Detailed studies, such as that by Plümper et al. (2017) in the Erro–Tobbio metaserpentinites in the Ligurian Alps of Italy, have demonstrated that porosity generation is directly linked to prograde hydrate breakdown reactions that give rise to variations in fluid pressure, forcing the fluid to organize into vein networks from the grain to outcrop scale. Further, thermodynamic modelling has shown that reactive transport and vein widening led to hydraulic fracturing and fluid escape (Huber et al., 2022), with fluxes potentially sufficient to drain the subducting lithosphere. By contrast, other examples of exhumed ocean crust in the Western Alps contain spectacular vugs partially filled with eclogite facies minerals (Angiboust and Raimondo, 2022). These features require closed-system production of a limited volume of fluid during conversion of an HP blueschist mineral assemblage to a denser eclogite facies mineral assemblage under fluid-saturated conditions prior to reaching peak P–T of 2.6–2.9 GPa at 530–570 ∘C. For the vugs to have survived, the host rock must have had a low permeability (< 10−22 m2) and escaped a strong mylonitic overprint. Such local porosity could allow for trapped fluid to be transported deep into Earth's mantle. This contrast in behaviour leaves us with a question – how much fluid is drained from the subducting lithosphere into the mantle wedge, and how much is retained beyond the prograde dehydration window and returned to the mantle? The answer has implications for the production of juvenile crust at arcs and the global volatile budget and, in particular, as to whether the deep water cycle is in secular equilibrium (Hermann and Lakey, 2021).
Fluids and intermediate-depth earthquakes
Earthquakes are limited to < 70 km depth except for regions associated with subduction. However, it remains uncertain what mechanism allows for intermediate-depth (70 to 300 km) earthquakes to occur during subduction. We have long thought that hydrate breakdown reactions in the upper (basaltic) portion of the subducting slab trigger these earthquakes (Kirby et al., 1996; Peacock and Wang, 1999; Hacker et al., 2003b; Abers et al., 2013; Ferrand et al., 2017). Furthermore, the variable distribution and depth of earthquakes may be related to changes in fluid release and fluid pressure associated with prograde metamorphism to eclogite during subduction under different thermal gradients (Qu et al., 2023).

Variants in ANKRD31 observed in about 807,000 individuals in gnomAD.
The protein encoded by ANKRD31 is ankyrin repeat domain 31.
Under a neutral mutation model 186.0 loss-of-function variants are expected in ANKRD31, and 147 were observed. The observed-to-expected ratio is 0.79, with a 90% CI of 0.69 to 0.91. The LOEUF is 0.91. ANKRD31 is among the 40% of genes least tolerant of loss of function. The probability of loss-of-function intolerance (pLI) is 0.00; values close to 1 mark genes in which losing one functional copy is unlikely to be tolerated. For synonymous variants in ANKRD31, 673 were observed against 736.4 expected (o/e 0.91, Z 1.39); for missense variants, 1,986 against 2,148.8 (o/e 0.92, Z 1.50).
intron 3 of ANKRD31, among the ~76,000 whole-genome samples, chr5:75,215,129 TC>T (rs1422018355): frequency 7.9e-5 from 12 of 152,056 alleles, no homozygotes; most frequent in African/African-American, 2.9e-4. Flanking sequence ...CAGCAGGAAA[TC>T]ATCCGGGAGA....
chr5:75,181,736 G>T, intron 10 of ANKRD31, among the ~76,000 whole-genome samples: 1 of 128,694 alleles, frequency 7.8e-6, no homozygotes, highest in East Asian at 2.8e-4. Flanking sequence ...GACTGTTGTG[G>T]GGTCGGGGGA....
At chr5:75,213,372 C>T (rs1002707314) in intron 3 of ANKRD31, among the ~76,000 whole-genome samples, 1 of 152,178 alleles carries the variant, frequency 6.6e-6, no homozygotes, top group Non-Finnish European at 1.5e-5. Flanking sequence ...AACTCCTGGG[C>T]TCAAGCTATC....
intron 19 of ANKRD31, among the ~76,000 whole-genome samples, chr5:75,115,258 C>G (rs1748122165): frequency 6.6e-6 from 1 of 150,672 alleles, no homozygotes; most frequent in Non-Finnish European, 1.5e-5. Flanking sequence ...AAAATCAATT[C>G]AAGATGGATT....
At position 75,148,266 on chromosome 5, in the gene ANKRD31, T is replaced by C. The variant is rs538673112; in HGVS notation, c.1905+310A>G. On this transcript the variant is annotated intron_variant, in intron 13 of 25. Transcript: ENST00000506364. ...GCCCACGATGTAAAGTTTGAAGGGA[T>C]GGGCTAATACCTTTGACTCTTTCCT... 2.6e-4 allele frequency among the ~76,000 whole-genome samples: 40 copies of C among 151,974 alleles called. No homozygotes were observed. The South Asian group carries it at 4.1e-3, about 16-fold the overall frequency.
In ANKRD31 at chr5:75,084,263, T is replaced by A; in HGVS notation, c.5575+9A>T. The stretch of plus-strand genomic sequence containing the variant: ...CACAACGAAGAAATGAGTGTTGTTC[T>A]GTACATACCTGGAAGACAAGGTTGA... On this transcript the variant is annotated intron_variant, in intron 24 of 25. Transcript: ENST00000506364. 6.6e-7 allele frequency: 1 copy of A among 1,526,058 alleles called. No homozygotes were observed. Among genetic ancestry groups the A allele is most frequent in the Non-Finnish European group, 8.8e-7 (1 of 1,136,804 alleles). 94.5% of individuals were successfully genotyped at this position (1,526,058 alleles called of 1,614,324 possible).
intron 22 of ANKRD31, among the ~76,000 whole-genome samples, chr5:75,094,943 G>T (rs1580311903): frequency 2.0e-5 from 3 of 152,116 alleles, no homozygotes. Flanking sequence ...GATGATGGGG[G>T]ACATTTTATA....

During the last decade a variety of field-based, experimental and modelling studies have confirmed the general relationship between eclogitization and brittle deformation. However, it still remains unclear whether a period of metastability corresponding to a reaction overstep of several hundred megapascals leads to fast transformation and brittle failure (Malvoisin et al., 2020; Yamato et al., 2022), whether earthquake-related brittle failure allows for fluid ingress into dry but potentially reactive crust (Austrheim et al., 2017; Jamtveit et al., 2018, 2019), or whether phenomena such as tectonic tremors and slow slip as well as earthquakes are related to high fluid pressures (Taetz et al., 2018; Marguin and Simpson, 2023; Muñoz-Montecinos et al., 2023). One intriguing observation from some HP eclogites is rhythmic oscillatory zoning of major and trace elements preserved in garnet (Garciá-Casco et al., 2002; Angiboust et al., 2014; Viete et al., 2018). One explanation for such zoning patterns is that they relate to episodic fluid infiltration events generated by the reaction history at depth in the subducting slab (Angiboust et al., 2014). Alternatively, these zoning patterns have been interpreted as recording growth–dissolution cycles driven by pressure changes (Garciá-Casco et al., 2002; Viete et al., 2018) that could have occurred over a period of < 300 000 years (Viete et al., 2018). Such short timescale variations in pressure may be more consistent with fluctuations in pore fluid pressure linked to seismically induced switches from locally undrained to drained conditions (Viete et al., 2018), rather than multiple small-scale exhumation–burial events related to tectonic rupture of the subducting slab (Garciá-Casco et al., 2002), and thus they may provide insight into earthquake recurrence rates. Given the human consequences of earthquakes, achieving a better understanding of their causes and consequences is a major goal in Earth science over the next decade.